jmp     main

Astute programmers may have spotted what looks like a race condition in this code. We use two separate instructions to modify the low and high bytes of the current read-pointer. What if a new interrupt is triggered between these instructions? Shouldn't we disable and re-enable interrupts around the critical section? But that won't do. Remember: If we delay the handling of the interrupt in any way, the wrong sample value will come out. Instead we have to guarantee, statically, that no new interrupt is due at this point.

Normally there's a pretty large gap—about one rasterline—between two successive invocations of the interrupt handler, which leaves plenty of time for us to busy-wait for a zero in ptr+1 and update the two bytes. But if that rasterline happens to be a badline, where the CPU is stalled for 43 cycles, we have a problem. However, because we've chosen an audio buffer size that matches the video frame rate, our busy-wait code will always run at a fixed location on the screen. If it happens during the non-visible portion of the frame, where there are no badlines, we can be sure that the critical section won't be interrupted. Thus, all we need to do is wait for the end of the visible portion of the screen before starting the timer in the first place (and this was actually shown in the code snippet in the section about badlines).

The playroutine itself is a fairly standard SID player that reads structured note data from memory and updates the SID registers, at least for the first two channels. But drum triggers and the desired pitch of the triangle channel are stored in variables (and emitted one frame ahead of time to compensate for the buffering). We'll now take a look at the code that reads those variables and computes the values that go into the audio buffer.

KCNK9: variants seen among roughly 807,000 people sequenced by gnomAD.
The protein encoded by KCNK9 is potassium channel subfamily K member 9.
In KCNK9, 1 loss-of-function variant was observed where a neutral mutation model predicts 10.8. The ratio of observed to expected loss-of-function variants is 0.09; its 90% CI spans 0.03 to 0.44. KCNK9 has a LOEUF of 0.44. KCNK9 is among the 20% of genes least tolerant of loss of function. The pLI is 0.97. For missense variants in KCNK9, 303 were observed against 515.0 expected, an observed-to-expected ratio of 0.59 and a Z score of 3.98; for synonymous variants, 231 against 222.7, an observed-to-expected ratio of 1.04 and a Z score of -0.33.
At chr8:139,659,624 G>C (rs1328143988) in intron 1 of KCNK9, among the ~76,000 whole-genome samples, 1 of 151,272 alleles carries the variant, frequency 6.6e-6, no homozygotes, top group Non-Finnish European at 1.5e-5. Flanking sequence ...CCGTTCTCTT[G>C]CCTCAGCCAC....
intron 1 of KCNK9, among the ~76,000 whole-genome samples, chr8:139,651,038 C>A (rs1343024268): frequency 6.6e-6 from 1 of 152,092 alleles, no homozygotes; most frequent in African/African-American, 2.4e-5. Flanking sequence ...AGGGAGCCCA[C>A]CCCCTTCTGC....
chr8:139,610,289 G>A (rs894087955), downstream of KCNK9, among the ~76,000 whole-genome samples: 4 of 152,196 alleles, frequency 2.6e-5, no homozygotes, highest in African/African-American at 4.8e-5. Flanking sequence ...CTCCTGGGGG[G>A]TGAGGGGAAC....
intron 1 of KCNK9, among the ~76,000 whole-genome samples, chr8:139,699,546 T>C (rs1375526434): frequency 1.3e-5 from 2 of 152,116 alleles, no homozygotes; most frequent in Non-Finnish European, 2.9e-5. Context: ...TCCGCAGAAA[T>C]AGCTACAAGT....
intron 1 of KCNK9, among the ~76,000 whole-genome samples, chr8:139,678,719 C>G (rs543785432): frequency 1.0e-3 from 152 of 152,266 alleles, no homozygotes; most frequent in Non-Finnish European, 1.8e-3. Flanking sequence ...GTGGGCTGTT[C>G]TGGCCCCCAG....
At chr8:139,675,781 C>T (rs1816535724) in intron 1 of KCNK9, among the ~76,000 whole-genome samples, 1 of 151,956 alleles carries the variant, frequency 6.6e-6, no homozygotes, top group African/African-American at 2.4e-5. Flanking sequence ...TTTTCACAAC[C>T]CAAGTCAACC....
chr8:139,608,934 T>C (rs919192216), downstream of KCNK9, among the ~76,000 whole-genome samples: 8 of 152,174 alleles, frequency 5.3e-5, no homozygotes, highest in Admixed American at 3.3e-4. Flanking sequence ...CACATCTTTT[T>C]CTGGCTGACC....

The bulk of the code will run from the zero-page, to speed up the self-modifying instructions. It looks like this:

        ldy     #100
        ldx     lowphase

loop    txa                     ; copy register X to register A
lsb     sbx     #0              ; X := (X & A) - operand
        lda     hiphase+1
msb     sbc     #0              ; subtract with carry
        sta     hiphase+1

hiphase lda     wavetable       ; read from triangle wave table
        clc                     ; clear carry
samp    adc     s_blank,y       ; add sample data
dest    sta     audiobuf1,y     ; and store into buffer

        bne     loop

        stx     lowphase

Register Y is the loop index, running from 100 up to 255. The current 16-bit phase of a software-implemented oscillator is stored in two parts: The low byte is kept in the X register (and in the variable lowphase between calls), while the high byte is kept in hiphase+1, the low byte of an operand that points into a 256-byte table containing a staircase triangle wave. Remember, this code is on the zero-page so the operand byte can be accessed quickly.

For each sample, the phase is updated by adding a 16-bit pitch value to it. This value is stored in the operands at lsb and msb. The instruction sbx is a so-called illegal opcode, an unintended but useful instruction in the 6502 processor with somewhat quaint behaviour: It computes the bitwise-and of registers A and X, subtracts a constant operand (without carry), and stores the result into register X. The useful part in this case is the ability to subtract a constant from register X, but we don't need the bitwise-and. Thus we first copy X to A, because a number “and” itself evaluates to the same number.